But an early reference to another Liverpool band, John Smith and the Common Man, is a fun nod to where the story’s going to go.
SUSAN: I-It's John Smith and the Common Men. They've gone from 19 to 2.As the plot gets going, it seems Baxter is doing what Steven Moffat said of Russell T Davies’ Doctor Who: you create interesting characters and melt them. The vivid description of nuclear holocaust and its long-term effects reminded me of Threads. Importantly, the horror and complex plot stuff works because of our investment in and sympathy for a wide range of characters – real and invented.
BARBARA: (Not understanding a bit of it.) Hmm. (She looks puzzled.)
IAN: (Laughing.) "John Smith" is the stage name of the honourable Aubrey Waites. He started his career as Chris Waites and the Carollers, didn't he, Susan?
SUSAN: You are surprising, Mr. Chesterton. I wouldn't expect you to know things like that.
IAN: I have an enquiring mind…(Motions to the loud radio.) and a very sensitive ear.
Anthony Coburn, Scene 4 of Doctor Who’s first episode.
It’s a quick, compelling read with constant revelations and twists. It’s similar in tone and in some plot gimmickry to my own The Time Travellers but also kept me guessing. But it does end a little abruptly – there’s the last revelation and a big bang and then that’s sort of it. Baxter ties up all the plot strands but I felt a bit short-changed. Perhaps an epilogue set a few years later might have helped. Having invested so much in these people, seen everything they have been and might have been through, it’s unsettling not to know how they ended up.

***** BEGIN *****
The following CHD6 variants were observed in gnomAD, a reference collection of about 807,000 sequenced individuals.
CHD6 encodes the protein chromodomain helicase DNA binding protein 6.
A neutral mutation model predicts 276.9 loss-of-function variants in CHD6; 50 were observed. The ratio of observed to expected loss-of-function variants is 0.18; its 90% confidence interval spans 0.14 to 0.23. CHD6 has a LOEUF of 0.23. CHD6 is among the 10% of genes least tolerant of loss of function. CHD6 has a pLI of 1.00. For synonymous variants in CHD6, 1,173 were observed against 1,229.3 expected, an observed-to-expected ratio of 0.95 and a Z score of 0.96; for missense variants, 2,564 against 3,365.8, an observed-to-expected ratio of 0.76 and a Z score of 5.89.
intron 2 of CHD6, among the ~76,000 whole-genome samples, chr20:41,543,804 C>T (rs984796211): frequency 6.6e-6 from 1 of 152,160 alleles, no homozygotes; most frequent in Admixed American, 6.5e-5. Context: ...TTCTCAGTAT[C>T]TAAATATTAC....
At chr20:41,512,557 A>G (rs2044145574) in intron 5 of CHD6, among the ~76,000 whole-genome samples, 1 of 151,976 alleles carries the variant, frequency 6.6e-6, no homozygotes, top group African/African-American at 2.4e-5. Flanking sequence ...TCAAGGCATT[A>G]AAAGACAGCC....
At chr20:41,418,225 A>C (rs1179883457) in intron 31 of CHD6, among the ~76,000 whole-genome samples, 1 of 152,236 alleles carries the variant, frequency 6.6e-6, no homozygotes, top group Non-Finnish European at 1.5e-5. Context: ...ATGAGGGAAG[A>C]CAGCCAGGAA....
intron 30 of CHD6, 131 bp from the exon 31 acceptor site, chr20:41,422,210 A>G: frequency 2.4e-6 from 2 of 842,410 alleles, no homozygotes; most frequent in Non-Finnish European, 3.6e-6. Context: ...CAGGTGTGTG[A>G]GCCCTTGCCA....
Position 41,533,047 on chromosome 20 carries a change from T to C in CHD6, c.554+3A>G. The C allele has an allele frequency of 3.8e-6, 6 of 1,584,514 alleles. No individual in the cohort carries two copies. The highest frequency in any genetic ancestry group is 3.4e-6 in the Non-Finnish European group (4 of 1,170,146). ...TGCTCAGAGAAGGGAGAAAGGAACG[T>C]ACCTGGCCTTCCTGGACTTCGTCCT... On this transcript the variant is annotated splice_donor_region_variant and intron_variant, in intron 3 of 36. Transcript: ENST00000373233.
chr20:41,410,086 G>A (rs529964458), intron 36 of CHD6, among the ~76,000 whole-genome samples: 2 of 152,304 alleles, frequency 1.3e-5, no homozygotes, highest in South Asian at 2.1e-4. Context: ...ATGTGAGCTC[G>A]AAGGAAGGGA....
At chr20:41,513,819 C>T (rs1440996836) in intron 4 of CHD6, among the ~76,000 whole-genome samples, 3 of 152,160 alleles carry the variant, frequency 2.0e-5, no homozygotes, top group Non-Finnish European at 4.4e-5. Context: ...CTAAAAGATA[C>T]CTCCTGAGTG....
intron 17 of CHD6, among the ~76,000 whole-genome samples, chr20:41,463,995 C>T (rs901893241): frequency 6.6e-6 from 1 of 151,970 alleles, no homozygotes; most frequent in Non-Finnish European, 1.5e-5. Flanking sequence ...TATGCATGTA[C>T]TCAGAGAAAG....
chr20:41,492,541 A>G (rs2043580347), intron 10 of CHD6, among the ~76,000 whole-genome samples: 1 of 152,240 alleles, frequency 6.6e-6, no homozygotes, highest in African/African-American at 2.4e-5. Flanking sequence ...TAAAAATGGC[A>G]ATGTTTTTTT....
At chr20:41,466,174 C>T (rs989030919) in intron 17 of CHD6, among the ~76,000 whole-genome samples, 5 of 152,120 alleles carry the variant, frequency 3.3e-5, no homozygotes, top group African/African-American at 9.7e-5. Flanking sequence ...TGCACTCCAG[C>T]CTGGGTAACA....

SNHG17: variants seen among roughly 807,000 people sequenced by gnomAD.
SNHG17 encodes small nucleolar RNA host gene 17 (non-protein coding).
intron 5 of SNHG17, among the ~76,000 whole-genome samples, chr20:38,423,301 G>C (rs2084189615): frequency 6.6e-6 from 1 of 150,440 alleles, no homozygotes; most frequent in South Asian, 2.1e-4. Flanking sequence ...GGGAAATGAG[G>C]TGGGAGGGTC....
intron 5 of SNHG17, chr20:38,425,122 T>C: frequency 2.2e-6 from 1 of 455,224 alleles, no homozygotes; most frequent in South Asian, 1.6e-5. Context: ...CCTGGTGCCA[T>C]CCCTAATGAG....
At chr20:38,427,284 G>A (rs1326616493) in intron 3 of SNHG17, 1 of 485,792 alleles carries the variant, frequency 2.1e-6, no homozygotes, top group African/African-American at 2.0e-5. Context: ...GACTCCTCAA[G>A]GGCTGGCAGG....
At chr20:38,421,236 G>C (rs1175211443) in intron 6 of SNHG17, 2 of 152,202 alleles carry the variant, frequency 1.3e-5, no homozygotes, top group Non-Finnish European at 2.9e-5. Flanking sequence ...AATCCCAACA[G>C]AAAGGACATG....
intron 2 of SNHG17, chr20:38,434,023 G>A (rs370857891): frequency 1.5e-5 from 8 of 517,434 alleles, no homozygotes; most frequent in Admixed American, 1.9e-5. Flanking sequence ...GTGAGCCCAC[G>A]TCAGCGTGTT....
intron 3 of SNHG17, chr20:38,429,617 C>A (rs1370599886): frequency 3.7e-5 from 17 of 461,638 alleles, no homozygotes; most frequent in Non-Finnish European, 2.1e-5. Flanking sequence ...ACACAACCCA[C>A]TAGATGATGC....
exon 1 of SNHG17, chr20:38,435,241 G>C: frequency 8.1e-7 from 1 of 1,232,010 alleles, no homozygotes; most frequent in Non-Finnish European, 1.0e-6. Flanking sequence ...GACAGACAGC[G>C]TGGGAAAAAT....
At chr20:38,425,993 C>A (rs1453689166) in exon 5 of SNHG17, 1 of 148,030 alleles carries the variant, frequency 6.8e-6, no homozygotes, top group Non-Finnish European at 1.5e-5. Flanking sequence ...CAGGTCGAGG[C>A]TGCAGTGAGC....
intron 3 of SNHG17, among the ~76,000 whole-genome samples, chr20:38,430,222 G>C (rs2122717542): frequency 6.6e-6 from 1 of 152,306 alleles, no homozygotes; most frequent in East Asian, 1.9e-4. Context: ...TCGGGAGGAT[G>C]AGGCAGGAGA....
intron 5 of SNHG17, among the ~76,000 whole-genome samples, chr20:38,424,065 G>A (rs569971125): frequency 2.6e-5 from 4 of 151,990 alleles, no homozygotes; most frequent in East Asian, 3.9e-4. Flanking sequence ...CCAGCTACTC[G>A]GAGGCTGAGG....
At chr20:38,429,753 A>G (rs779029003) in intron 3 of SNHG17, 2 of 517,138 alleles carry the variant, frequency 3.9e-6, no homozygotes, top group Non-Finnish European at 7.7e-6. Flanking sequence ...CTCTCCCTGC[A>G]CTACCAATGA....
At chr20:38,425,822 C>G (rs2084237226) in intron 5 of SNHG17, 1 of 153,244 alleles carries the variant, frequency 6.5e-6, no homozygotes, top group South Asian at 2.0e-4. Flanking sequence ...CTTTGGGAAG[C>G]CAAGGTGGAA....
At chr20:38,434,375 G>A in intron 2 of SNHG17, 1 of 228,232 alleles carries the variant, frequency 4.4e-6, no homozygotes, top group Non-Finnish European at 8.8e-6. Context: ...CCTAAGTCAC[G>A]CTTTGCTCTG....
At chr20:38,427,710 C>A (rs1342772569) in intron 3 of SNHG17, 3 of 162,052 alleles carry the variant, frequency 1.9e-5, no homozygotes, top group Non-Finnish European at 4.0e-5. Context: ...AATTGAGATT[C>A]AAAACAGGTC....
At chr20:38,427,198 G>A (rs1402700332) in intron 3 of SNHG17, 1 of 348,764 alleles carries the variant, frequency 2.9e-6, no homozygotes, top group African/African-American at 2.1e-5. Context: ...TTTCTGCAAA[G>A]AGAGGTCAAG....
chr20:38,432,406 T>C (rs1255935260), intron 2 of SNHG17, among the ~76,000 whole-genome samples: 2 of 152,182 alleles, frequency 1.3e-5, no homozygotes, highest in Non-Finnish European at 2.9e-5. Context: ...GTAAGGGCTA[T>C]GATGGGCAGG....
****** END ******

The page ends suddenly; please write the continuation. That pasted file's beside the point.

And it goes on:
Saturday, October 18, 2008
A new adventure for eccentric adventurer, Iris Wildthyme and her companion, Panda in their time travelling London double-decker bus!The cast is Katy Manning (Iris Wildthyme), David Benson (Panda), Dan Hogarth (Iris Wildthyme), John Dorney (Roger the Naxian), Scott Handcock (Barry). I'm hoping to hear the dialogue edit later today.
Panda wakes from a near death experience to find that Iris has sacrificed herself to save him. There’s a new Iris on the bus – and she is a he!
The new teetotal and decidedly male Iris sets course for the war-torn earth of the 22nd century, where “his” old enemies the Naxians are lying in wait…
Thursday, October 16, 2008
I’ve not made it through to the third round of the British Short Screenplay Competition, but the script is going somewhere else now and my name’s in for a couple of things that might be nice if they happen. On we plod.
In the meantime, I’ve promised all the days I can spare to one freelance gig which is keeping me busy. After a whole summer of writing from home, it’s odd to be commuting again. If nothing else, I am wolfing down whole books.